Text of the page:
AHRI Reiterates Strong Support for DOE Process Rule
Date Published: January 16, 2020
Arlington, Va. — The Air-Conditioning, Heating, and Refrigeration Institute (AHRI) today expressed its continued strong support for a Department of Energy (DOE) rule submitted to the Federal Register that would set forth updated procedures for the Department to follow in its rulemaking activities. The Procedures for Use in new or Revised Energy Conservation Standards and Test Procedures for Consumer Products and Commercial/Industrial Equipment rule, more commonly known as the Process Rule, outlines binding rules that DOE must follow when it develops new or updated energy conservation standards. AHRI has been consistent in its support for an updated Process Rule, as the current version was created in 1996 as guidance, which resulted in its being inconsistently followed by DOE.
"The Process Rules will bring much-needed modernization to the DOE rulemaking process, including making them binding on the Department," said AHRI President & CEO Stephen Yurek. "We are heartened that the Department appears to be strengthening its commitment to abide by provisions of the Energy Policy and Conservation Act, such as the Act's requirement that DOE develop test procedures prior to issuing updated standards – a requirement essential to manufacturers' ability to accurately test equipment to ensure compliance," he added.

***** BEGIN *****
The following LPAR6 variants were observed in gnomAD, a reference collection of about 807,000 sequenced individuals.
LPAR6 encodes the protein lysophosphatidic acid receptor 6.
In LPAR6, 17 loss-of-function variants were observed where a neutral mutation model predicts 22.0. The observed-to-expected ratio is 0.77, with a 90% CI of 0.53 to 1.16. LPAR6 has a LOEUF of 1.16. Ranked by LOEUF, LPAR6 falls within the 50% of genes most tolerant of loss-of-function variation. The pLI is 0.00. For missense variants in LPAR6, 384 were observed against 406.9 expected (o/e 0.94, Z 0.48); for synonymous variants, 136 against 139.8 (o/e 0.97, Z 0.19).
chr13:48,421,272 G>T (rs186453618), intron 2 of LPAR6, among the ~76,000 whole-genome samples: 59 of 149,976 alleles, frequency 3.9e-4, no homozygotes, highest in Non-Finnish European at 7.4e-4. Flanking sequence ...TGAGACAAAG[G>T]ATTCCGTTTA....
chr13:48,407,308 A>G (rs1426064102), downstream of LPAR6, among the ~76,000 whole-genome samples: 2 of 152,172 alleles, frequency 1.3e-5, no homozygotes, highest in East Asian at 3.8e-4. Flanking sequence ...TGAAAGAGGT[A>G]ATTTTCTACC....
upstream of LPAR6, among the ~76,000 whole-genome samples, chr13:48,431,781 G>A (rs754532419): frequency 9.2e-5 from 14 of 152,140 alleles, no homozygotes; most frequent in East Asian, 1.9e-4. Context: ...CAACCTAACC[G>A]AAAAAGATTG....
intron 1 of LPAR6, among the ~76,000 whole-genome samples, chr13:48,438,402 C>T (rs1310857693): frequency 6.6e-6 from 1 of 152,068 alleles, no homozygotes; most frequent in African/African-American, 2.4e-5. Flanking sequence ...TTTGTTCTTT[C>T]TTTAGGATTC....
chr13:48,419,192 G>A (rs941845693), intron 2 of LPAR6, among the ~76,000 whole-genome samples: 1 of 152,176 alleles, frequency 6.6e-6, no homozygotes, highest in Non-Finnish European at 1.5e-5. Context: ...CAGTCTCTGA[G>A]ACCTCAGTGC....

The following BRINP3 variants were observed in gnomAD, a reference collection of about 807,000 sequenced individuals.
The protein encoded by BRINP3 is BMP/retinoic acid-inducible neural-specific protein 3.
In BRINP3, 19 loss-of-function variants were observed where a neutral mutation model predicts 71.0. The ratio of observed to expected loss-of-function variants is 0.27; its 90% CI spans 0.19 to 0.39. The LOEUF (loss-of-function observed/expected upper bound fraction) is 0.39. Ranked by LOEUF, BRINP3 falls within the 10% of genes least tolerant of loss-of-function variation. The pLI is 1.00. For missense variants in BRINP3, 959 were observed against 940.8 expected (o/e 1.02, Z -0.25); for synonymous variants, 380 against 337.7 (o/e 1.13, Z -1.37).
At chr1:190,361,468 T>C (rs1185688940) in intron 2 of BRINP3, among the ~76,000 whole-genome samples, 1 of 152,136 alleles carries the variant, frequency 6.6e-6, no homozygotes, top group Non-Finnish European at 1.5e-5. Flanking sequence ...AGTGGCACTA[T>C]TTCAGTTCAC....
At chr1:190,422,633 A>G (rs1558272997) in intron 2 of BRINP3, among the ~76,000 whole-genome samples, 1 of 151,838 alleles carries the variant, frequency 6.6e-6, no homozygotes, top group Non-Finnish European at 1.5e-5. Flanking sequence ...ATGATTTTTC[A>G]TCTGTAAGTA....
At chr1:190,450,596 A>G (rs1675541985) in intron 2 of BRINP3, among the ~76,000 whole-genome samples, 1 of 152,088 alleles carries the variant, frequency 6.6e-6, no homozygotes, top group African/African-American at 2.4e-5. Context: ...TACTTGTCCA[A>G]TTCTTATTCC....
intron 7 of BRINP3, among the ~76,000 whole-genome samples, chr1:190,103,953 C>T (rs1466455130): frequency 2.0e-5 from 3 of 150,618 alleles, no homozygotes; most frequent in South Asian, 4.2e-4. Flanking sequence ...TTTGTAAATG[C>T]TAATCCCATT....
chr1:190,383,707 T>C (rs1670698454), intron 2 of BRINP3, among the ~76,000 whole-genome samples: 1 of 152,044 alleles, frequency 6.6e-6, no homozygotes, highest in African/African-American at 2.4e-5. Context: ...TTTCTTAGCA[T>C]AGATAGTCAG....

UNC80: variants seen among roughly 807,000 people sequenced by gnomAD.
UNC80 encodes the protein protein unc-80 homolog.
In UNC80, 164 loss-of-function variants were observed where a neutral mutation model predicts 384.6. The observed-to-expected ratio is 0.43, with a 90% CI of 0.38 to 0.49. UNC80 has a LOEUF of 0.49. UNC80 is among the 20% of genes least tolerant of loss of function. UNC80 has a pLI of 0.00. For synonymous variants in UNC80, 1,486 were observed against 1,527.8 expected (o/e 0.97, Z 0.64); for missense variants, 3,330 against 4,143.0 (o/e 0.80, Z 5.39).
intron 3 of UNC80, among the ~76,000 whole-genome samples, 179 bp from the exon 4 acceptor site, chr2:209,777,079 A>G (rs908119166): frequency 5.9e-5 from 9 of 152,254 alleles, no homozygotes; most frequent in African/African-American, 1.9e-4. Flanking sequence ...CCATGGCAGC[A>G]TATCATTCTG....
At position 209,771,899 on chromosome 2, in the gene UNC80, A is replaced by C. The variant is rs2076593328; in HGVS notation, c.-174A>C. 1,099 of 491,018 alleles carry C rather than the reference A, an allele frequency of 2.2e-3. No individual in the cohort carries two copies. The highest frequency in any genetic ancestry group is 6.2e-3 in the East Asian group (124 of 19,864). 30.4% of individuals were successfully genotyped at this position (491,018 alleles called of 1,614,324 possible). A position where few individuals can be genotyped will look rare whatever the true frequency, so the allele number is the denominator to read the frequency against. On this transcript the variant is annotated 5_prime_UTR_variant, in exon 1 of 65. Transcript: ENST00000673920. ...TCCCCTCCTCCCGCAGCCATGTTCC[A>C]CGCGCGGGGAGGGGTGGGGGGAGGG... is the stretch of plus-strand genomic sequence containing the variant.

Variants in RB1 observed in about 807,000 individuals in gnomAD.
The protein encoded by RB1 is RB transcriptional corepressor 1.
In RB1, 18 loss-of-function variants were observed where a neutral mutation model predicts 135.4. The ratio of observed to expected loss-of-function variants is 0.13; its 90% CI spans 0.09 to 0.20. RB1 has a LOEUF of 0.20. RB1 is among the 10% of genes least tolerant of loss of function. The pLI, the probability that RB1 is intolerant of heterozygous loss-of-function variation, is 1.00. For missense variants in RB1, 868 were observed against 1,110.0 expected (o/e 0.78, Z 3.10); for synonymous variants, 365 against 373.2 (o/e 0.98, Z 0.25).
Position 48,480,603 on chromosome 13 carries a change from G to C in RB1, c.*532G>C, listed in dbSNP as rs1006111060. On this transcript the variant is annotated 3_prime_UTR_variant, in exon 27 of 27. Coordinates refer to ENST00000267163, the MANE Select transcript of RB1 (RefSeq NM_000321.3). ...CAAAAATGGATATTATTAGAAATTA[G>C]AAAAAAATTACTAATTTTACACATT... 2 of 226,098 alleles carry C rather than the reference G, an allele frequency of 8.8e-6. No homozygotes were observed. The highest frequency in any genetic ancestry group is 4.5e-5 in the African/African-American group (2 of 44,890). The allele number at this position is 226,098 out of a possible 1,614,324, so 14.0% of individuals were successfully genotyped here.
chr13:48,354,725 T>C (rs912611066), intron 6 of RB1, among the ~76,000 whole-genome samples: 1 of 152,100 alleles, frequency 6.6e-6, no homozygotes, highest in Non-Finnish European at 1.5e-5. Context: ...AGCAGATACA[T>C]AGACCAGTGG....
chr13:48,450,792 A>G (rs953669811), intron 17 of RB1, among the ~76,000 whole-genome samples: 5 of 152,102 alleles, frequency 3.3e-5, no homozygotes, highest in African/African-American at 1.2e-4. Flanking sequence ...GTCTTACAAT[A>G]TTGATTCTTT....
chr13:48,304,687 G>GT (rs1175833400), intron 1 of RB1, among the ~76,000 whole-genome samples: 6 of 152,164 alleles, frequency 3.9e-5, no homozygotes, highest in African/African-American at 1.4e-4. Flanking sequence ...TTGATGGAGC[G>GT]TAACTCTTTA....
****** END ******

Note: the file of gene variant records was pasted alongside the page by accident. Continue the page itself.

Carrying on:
Provisions to initiate an expeditious early look at costs and benefits and changes in equipment technology when determining whether a new standard is justified, as well as requiring early stakeholder engagement in rulemakings are of critical importance to the industry, as is defining the threshold for "significant energy savings" at .3 quads, or a 10 percent efficiency improvement, over 30 years for each covered product category.
"Overall, we are very pleased with this new rule, which will provide greater transparency for the process, accountability for the Department, and certainty for manufacturers, and we look forward to participating in the updated rulemaking process," said Caroline Davidson-Hood, AHRI General Counsel. "The new version is not only responsive to the realities facing industry, but reflect a faithful adherence to DOE's authorizing statute," she added.